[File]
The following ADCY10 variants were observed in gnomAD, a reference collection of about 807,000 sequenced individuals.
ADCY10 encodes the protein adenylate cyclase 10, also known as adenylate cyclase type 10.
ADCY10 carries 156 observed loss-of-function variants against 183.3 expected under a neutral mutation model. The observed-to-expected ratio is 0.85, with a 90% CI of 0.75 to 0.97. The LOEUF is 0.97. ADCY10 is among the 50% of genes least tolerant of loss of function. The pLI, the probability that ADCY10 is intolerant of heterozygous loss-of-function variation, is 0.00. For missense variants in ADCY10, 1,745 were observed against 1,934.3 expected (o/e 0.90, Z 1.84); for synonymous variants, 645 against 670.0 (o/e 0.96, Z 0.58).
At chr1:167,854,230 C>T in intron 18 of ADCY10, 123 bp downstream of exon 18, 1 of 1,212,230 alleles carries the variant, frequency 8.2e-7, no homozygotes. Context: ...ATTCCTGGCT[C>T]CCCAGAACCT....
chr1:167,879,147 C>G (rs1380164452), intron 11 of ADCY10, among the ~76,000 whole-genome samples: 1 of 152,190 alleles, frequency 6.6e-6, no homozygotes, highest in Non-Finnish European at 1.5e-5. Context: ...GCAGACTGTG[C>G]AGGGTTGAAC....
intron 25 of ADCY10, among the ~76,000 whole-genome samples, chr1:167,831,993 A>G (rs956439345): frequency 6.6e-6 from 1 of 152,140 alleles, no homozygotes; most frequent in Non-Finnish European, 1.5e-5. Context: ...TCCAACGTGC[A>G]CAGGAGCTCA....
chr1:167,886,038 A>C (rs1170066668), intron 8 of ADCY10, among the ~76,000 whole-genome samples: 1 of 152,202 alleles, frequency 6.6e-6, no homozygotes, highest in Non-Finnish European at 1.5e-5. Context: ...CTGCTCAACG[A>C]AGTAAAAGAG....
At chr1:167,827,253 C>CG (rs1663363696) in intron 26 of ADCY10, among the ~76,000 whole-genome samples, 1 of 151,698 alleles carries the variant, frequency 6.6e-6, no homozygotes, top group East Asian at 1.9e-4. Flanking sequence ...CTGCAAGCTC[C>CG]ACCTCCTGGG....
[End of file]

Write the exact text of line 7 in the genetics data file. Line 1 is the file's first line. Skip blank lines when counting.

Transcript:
chr1:167,886,038 A>C (rs1170066668), intron 8 of ADCY10, among the ~76,000 whole-genome samples: 1 of 152,202 alleles, frequency 6.6e-6, no homozygotes, highest in Non-Finnish European at 1.5e-5. Context: ...CTGCTCAACG[A>C]AGTAAAAGAG....